The evidence does not convince everyone. The testimony of a few frightened women. The claims of some apostles who ran away from the Cross but saw him again in Galilee; The experiences of Paul and the other disciples that witness to his rising again and his Ascension to the Father. But if – as we believe – Paul is right – "Christ has in fact been raised from the dead" - then Mr Clement Parker, his wife Edith, and all of us have something to hope for.

Let us stand and profess our faith in God who gives us all something to hope for.

Year A,B,C: Easter Sunday (Day).

"Till this moment they had failed to understand the teaching of scripture, that he must rise from the dead." [John 20.9]

A long time ago in a land far, far way…

Well, actually, about twenty years ago, when I was in South America, a young woman (I shall call her Sonja) came to see me in the mission hospital where I worked.

And she looked dreadful.

She was distraught and weeping and shaking.

It seemed like she was in despair.

She crept into my room.

And she sat down.

And there was a long silence as she tried to compose herself.

And then she said what I knew she was going to say:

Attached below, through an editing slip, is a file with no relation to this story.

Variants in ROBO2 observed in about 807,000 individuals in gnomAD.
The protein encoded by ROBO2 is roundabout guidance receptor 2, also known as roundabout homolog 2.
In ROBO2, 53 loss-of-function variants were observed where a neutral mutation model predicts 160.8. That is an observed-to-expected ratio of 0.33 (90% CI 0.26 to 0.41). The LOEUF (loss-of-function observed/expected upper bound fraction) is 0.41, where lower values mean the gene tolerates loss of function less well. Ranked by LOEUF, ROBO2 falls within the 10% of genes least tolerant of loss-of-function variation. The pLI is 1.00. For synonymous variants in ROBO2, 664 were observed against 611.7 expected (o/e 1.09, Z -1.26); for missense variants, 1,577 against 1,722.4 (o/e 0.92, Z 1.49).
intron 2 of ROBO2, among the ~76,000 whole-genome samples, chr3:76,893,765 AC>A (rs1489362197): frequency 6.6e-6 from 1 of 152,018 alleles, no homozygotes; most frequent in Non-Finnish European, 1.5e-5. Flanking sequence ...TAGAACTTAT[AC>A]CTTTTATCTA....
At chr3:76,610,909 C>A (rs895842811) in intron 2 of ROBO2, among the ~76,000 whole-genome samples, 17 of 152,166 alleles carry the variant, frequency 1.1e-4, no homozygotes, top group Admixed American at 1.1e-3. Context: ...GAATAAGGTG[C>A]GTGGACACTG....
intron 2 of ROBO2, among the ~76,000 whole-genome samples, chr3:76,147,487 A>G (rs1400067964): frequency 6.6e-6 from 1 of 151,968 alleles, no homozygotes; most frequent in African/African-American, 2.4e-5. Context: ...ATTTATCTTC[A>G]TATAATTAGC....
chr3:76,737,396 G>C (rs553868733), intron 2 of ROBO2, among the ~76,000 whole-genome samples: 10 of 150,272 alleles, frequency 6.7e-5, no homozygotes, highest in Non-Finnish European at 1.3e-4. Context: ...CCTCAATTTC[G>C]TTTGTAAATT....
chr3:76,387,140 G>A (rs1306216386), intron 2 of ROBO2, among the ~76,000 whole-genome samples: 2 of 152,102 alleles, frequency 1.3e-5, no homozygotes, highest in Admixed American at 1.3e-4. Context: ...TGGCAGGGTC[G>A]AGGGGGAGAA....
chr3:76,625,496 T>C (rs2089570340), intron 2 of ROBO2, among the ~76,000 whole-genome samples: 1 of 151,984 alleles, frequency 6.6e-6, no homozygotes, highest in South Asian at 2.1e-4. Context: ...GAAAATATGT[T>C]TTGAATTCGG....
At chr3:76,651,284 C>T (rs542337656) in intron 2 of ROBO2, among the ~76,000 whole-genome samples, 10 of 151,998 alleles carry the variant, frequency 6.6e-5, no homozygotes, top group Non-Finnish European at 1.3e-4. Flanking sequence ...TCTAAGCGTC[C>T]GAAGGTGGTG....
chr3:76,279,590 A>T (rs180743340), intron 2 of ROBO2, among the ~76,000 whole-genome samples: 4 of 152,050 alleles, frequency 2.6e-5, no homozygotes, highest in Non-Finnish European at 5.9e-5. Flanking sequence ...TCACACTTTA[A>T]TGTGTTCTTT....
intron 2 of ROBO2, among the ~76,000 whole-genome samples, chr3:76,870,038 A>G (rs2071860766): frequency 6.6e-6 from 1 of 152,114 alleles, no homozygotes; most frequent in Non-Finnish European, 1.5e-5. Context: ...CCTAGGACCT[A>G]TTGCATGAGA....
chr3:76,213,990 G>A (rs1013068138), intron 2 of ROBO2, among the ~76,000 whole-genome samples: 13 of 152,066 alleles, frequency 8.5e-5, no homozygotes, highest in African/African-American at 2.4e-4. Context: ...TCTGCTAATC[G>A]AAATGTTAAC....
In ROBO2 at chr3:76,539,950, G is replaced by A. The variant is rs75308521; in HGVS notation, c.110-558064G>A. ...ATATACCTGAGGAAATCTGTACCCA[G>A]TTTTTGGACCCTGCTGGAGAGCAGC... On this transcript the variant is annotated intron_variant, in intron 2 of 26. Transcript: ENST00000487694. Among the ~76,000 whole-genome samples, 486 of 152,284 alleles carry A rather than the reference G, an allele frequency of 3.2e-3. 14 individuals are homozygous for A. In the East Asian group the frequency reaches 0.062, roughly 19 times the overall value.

"I am a victim of HIV".

Those were the days, thankfully now long in the past, when there was almost no treatment for HIV – and almost no hope. The diagnosis felt like a death sentence.

So she talked, crying most of the time, about what had happened – how she had felt a bit ill with a cough and flu – how she had gone along to a government Clinic and the clinic had asked her to have the test – and it had come back positive. It had been a dreadful shock.

And then she talked for a time about the person who she thought had given it to her.

And then she talked about her fears for the future, about how she was afraid of getting sick, and dying – perhaps in pain and suffering.

And then she began to talk about what would happen after death – and most of all about what would happen to her 7-year old daughter. That was her greatest fear. Between sobs, she said, "All my family are overseas, so what will happen to her?"

I let her talk.

In these situations, there is pretty much nothing else you can do.

But eventually she finished and I started trying to tell her some positive things: even in those days, there was some treatment we could offer – some hope that we could offer to help people with HIV to live longer and to live better.